Why Patient Safety Week is so important
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30 October 2018  

 

The theme for this year's Patient Safety Week from 4–10 November 2018 is infection prevention and control with a focus on good hand hygiene – the simplest, most effective way to prevent healthcare-associated infections says Whanganui District Health Board (WDHB) infection prevention clinical nurse specialist Jacqueline Pennefather.

 

”Good hand hygiene helps stop the spread of bugs and antibiotic-resistant infections,” Mrs Pennefather says. “Our DHB is proud of the fact we consistently lead the country’s DHBs when it comes to hand hygiene compliance. However, no DHB or health provider can rest on its laurels. We all know what can go wrong if patients, staff and visitors don’t take the time to wash their hands well.

 

“It’s heart-warming seeing so many visitors coming in and out of Whanganui Hospital stopping and taking the time to use the hand gel we provide at entry points around the hospital,” Mrs Pennefather says.

 

“But what we want to impress on patients, is that they can speak up and ask our staff if they have washed their hands appropriately before touching them. We know this is not easy for people to do, but patients have the right to speak up and we encourage them to exercise that right.”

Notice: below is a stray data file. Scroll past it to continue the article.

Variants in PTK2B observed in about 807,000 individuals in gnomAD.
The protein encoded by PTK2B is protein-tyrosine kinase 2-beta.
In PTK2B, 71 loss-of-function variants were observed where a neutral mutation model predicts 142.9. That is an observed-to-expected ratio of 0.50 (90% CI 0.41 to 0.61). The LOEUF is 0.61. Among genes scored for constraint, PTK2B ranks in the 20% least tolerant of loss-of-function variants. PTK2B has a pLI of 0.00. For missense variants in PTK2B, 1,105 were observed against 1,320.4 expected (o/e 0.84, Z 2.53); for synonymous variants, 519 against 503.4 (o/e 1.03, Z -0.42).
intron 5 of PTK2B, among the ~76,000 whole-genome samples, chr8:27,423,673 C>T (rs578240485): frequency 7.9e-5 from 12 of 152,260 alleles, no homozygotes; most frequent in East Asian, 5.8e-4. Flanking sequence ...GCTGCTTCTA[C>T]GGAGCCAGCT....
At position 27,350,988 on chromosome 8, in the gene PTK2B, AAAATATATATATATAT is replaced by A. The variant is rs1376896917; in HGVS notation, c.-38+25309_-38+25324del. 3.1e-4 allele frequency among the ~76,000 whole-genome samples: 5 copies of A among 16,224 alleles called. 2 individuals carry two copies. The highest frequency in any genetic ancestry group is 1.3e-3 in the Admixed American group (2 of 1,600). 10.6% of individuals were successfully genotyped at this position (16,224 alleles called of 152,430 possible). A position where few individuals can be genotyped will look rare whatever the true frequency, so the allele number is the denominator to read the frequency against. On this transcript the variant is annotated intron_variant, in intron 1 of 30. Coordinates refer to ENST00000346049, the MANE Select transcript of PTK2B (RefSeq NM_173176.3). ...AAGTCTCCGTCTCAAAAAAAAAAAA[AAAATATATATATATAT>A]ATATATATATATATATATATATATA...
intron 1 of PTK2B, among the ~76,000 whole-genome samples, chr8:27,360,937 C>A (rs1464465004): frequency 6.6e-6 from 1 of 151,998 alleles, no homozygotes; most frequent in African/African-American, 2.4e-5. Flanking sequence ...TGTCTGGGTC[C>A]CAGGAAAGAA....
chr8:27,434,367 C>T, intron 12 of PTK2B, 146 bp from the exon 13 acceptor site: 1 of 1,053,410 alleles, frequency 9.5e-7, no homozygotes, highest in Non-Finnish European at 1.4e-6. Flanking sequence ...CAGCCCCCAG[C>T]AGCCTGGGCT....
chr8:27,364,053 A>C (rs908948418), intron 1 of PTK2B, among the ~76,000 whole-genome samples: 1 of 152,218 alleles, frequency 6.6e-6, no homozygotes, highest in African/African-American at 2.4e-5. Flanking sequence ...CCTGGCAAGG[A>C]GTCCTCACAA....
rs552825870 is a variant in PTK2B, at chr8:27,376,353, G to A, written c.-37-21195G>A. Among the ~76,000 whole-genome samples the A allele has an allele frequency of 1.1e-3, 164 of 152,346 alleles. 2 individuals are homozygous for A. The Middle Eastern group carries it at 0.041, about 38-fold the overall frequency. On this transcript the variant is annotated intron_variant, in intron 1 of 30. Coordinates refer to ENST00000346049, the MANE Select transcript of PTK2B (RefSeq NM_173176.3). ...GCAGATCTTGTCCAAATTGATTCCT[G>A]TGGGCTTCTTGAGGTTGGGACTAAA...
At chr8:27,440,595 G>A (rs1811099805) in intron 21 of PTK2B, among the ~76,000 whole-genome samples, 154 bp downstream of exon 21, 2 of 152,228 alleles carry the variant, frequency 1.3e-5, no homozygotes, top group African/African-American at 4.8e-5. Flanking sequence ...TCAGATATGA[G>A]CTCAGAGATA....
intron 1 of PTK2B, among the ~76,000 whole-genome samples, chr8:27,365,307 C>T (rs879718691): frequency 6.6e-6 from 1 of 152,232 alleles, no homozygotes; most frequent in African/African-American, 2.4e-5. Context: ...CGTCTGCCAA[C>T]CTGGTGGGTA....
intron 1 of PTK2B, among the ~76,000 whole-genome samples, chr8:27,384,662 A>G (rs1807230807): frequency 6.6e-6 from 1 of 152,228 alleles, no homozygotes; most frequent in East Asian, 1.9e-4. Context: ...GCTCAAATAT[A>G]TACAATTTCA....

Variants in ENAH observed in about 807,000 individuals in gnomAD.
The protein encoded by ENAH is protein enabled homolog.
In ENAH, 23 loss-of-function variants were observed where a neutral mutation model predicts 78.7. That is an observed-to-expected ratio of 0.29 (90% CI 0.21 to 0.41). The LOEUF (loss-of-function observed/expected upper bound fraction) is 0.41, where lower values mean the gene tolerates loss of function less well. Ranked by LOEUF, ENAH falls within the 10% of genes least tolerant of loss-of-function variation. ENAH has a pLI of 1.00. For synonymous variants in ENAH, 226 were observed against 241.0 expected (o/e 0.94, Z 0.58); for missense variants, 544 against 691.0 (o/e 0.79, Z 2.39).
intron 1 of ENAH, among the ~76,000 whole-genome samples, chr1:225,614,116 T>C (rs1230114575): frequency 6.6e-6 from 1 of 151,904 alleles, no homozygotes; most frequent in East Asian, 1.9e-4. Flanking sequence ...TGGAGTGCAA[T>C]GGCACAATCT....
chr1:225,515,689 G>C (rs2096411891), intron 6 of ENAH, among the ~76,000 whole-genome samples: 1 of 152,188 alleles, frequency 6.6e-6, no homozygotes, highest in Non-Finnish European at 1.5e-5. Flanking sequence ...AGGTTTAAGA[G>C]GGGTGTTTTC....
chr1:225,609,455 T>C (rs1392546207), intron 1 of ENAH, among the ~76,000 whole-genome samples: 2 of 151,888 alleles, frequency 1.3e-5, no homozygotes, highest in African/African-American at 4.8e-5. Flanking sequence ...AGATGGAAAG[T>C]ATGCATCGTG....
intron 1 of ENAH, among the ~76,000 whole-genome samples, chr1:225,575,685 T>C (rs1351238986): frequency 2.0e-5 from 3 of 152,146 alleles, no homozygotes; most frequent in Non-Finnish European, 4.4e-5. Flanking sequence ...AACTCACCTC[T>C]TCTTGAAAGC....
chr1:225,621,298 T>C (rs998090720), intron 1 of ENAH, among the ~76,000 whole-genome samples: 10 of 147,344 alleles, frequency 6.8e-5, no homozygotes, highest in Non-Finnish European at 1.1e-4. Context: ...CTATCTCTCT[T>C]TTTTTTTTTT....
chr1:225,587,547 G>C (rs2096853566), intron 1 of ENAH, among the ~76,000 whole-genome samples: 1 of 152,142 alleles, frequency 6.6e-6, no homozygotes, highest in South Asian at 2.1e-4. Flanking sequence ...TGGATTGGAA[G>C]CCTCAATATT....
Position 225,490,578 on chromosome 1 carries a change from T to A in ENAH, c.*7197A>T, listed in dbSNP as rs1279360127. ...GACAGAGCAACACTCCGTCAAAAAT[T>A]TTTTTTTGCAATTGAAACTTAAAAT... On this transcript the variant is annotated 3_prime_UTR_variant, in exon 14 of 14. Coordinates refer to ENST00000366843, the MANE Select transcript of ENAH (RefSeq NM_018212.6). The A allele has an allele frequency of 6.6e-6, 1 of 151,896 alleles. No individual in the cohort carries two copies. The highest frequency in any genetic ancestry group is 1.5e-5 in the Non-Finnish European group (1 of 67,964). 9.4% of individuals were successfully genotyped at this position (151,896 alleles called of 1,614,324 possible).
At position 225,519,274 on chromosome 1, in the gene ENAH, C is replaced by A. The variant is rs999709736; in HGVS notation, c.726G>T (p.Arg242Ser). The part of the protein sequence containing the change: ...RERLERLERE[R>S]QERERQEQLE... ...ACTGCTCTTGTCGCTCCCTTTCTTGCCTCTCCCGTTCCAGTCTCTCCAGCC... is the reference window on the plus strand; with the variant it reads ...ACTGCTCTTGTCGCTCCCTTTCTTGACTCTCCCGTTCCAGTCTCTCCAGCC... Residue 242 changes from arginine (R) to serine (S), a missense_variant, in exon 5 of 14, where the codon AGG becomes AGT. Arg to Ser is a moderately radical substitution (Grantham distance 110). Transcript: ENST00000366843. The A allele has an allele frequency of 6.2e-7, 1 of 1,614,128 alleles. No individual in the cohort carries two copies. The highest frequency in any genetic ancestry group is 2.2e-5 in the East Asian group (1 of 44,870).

Mrs Pennefather says the DHB is keen to remind the public that good hand hygiene in the home is equally important for preventing the spread of infection within families and whānau – and that reducing infections not only lessens the need for antibiotics but also reduces the opportunity for micro-organisms to develop resistance and share resistance genes.

 

Appropriate hand washing is all about following the New Zealand five moments of handwashing which include:

  • before touching a patient
  • before a beginning a procedure
  • after the procedure
  • after touching a patient
  • and, after touching a patient’s environment such as their bed.